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Light Therapy

Insomnia is the inability to get adequate sleep. There are actually two types of insomnia, difficulty falling asleep and difficulty staying asleep. Cancer patients can experience insomnia during chemotherapy treatments because:

  • The chemotherapy session leaves the patient feeling tired and consequently they need to nap after the session. However, this interferes with their ability to sleep at night.
  • Certain drugs that are prescribed to treat the nausea associated with chemotherapy can make the patient feel full of energy and this can interfere with the ability to sleep.

These drugs interrupt the circadian rhythm, which is the body’s internal clock that tells it when it is time for sleeping and time to be awake. Light Therapy, sometimes called Bright Light Therapy, is being used to treat the inability to sleep as a result of the circadian rhythm having been altered.

How Does Light Therapy Work?

The body’s internal clock is usually set by exposure to sunlight. However, in this form of therapy, a bright, artificial light source is used in place of sunlight to re-set the internal clock.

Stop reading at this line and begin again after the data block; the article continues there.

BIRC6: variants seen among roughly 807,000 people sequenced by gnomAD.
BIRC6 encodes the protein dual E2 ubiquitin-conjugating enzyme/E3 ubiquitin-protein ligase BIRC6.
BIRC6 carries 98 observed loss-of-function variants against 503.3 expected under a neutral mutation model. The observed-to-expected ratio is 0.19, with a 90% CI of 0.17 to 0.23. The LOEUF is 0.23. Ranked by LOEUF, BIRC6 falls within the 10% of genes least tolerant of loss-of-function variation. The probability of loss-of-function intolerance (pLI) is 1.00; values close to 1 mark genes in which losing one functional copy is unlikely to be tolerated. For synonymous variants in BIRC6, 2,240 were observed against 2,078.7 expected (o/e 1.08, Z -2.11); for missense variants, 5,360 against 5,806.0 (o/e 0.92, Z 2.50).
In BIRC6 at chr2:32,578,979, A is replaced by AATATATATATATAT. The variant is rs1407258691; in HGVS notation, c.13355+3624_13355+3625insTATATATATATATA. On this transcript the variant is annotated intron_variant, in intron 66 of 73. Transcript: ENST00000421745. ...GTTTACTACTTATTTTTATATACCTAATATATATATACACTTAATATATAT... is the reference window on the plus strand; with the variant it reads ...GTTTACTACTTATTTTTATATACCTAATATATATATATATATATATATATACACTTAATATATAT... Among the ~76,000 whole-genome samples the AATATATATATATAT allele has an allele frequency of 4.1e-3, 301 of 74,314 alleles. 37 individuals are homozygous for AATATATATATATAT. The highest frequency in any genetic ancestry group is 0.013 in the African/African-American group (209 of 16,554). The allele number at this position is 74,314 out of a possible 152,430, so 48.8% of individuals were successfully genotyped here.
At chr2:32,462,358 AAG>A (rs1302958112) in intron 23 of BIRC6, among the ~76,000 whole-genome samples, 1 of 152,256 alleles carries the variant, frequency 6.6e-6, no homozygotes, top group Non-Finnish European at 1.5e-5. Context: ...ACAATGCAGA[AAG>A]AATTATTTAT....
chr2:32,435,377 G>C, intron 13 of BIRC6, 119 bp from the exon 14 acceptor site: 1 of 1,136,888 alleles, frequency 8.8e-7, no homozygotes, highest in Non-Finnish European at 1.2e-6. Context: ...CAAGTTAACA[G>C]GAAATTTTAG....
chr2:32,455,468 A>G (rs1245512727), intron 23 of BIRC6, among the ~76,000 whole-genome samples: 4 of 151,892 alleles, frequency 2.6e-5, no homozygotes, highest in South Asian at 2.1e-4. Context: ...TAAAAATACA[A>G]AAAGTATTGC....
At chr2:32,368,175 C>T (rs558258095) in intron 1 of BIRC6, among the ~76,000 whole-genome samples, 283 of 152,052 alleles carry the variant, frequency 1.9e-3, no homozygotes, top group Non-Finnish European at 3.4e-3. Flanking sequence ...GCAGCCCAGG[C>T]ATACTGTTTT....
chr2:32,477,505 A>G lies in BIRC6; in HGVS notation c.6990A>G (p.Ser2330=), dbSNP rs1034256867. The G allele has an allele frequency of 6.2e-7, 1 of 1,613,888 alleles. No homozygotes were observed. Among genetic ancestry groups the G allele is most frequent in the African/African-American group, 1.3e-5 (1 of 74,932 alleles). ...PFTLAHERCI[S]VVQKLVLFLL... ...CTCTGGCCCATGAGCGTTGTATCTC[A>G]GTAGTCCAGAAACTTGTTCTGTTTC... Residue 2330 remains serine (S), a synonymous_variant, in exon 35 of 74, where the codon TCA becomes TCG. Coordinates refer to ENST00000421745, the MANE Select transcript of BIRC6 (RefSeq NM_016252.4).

Light Therapy exposes the patient’s eyes to very strong but safe amounts of light for a pre-set length of time. The goal is change the altered settings of the internal clock back to the right time so that the patient can once again experience a healthy sleep pattern.

There are four methods used for Light Therapy:

  • Light box- This is the tool used most often in Light Therapy. This is a box-shaped apparatus that contains several tubes that give off extremely bright light. It is placed on top of a table, and the patient is seated about 18 to 24 inches away from the box, and is asked to face in the direction of it. During the treatment session, the patient can read or perform other activities that can be done while seated. The idea is to allow the eyes to take in the light, which will then be used to regulate the internal clock. The current models of light boxes give off 10,000 lux of light. A lux is a measurement of how much light falls on the eye. This high level of light exposure means that a treatment session usually lasts between 15 to 30 minutes.
  • Desk lamp- This works in the same way as the light box, but it is designed to look like a normal desk lamp.
  • Light visor- This looks like a visor worn while playing sports, and it is worn in the same way for treatment. It allows the patient to move around during the session.
  • Dawn simulator- The patient is placed in a darkened room and lights are gradually brightened over a period of time to simulate the sun rising at daybreak.

How Did Light Therapy Originate?

Dr. Niels Finsen is recognized as the father of modern light therapy. He developed the first artificial light source to treat lupus vulgaris, a painful skin condition in which lesions develop on parts of the face.

Is Light Therapy Safe?

Light Therapy is considered safe as long as the session is conducted within the prescribed time limit and using the recommended light intensity limit. However, it can produce the following side effects:

  • Eye irritation
  • Headache
  • Nausea
  • Skin dryness

Have you or a loved one been diagnosed with

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